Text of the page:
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Stories from UOW

Rhiannon Mackie

The Illawarra Shoalhaven Suicide Prevention Collaborative is working hard to address the unacceptable rates of suicide in the region, but we all need to play our part and look after each other.

Suicide is the leading cause of death for Australians aged 15 to  44 years – more than motor vehicle accidents, assaults and substance use combined. Every day in Australia, eight people die by suicide and another 240 will attempt suicide. Despite a number of services being available to help those at risk, the Illawarra Shoalhaven region has a higher suicide rate than the state average, with 40 to 60 suicides reported each year.

While these figures are alarming, they do little to show the devastating and permanent impact suicide has on individuals and our communities. Most will look at these figures, be shocked for a moment and then go about their day. University of Wollongong clinical psychology graduate Dr Alex Hains isn’t most people. He spends each day working to lower suicide rates in our region and believes if we all work together, we can turn the tide.

Alex Hain profile image

Dr Alex Hains, Regional Manager of the Illawarra Shoalhaven Suicide Prevention Collaborative

Stop, collaborate and listen

In 2015, the Illawarra Shoalhaven Suicide Prevention Collaborative was formed to adopt a more coordinated approach to address the suicide rate.

“At the time we formed, suicide rates weren’t going down,” says Dr Hains, the Regional Manager of the Collaborative. “If anything, they were going up, even though there were lots of really good people doing really good work.”

The Collaborative now has 39 organisations and community groups from various sectors, including health, education, government, media and business. Along with lived experience advocates, these organisations are all contributing significant time and resources to prevent suicide in the region.

“I believe that suicide is preventable and we weren’t doing everything that we know works,” Dr Hains says. “What we’re really focused on now is working more collaboratively to ensure our efforts complement each other and that our activities are based on evidence.”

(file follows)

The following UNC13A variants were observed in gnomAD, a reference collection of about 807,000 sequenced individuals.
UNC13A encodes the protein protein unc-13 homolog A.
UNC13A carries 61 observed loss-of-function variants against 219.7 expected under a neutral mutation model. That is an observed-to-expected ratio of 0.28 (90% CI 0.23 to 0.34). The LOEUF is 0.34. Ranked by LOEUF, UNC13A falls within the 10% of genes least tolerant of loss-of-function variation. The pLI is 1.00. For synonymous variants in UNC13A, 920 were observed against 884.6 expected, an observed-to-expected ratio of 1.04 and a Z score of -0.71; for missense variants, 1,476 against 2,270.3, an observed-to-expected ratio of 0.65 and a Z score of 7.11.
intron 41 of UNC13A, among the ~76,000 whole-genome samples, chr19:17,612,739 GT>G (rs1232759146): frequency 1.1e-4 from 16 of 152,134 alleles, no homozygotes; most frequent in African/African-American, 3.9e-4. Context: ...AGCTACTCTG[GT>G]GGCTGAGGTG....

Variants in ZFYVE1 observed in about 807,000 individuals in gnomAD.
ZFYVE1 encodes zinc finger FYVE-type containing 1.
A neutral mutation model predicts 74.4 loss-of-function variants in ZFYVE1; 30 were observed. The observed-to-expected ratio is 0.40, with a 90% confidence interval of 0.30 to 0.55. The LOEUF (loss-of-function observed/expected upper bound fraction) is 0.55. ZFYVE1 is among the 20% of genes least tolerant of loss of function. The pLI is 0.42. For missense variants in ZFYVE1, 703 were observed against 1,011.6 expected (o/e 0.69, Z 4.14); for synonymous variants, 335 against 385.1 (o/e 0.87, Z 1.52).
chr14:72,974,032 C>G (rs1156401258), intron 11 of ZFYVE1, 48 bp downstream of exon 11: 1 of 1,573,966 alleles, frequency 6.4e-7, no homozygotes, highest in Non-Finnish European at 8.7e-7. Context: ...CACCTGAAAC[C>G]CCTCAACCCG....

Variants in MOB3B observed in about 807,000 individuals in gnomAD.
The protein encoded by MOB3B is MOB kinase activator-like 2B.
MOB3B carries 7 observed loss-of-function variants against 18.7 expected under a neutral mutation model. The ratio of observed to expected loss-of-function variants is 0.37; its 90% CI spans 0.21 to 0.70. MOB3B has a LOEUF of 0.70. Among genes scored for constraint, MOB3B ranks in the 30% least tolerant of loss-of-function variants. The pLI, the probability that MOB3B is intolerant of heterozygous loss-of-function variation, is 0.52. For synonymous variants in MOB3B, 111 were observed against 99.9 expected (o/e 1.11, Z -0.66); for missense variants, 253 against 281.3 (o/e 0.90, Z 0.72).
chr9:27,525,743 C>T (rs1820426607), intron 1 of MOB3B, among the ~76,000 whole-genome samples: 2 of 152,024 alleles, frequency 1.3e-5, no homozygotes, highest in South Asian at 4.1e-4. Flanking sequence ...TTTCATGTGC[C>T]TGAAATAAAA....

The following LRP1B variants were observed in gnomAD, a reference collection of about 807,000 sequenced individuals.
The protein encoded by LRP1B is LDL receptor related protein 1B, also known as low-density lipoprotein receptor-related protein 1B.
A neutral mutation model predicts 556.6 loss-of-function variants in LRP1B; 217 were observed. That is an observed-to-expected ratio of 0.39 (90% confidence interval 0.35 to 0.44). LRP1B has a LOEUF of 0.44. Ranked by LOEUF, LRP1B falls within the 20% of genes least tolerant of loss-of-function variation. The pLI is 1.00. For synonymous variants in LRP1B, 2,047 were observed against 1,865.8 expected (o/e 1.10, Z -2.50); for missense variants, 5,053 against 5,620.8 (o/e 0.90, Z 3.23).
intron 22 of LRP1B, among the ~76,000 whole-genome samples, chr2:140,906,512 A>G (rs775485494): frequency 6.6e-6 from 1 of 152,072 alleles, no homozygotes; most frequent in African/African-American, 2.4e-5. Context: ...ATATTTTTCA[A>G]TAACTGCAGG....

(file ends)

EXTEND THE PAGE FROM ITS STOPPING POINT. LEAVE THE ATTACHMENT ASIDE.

Dr Hains says that working with many different organisations across different sectors is a challenge, but not without reward.

“They do bring different perspectives, and that’s part of why they’re so important,” he says. “Yes, we have some disagreements. But that’s a good sign that we’re talking about the right things.”

You can't argue with somebody's personal experience

Dr Alex Hains

Getting help from those who have been through it

Perhaps the most important perspective in the room doesn’t come from a business or government organisation. It comes from people with a lived experience.

“Their input has proven to be critical to the Collaborative’s success so far,” Dr Hains says. “They provide rich insight into what we need to improve. You can’t argue with somebody’s personal experience.”

Enabling people with a lived experience to play a really central role in improving suicide prevention initiatives has also been therapeutic for those telling their story.

“We’ve heard from those involved that it’s the first time that something that’s always been framed as a flaw or weakness in them is now being seen as an asset,” Dr Hains says.

Telling her story

UOW student Rhiannon Mackie is one of those sharing their experience to help improve the Collaborative’s approach. Rhiannon describes herself as a genuinely happy, outgoing and positive person who has so much to live for. She has a good group of friends, is engaged to be married and has just passed her first semester studying for her Bachelor of Social Work.

Six years ago, it was a different story.

“My mum passed away just before my 18th birthday, I couldn’t sit for my HSC exams because I had an emergency operation and I didn’t have any friends to talk to. I had really bad insomnia, I was hallucinating and my brain was shutting down.”

Rhiannon Mackie on campus at UOW

Rhiannon is sharing her lived experience as a Collaborative member

Rhiannon is telling her story as part of an Illawarra Mercury series on suicide prevention. She wants to increase awareness of mental health care plans and encourage those who do seek help not to give up.

“I repeatedly asked for help and I was heard. It’s sad that it did take an attempt to get the right help for me, but it’s not like that for everyone. You can definitely get help before you reach that point. It’s easy to get a mental health care plan from your doctor and it’s free.”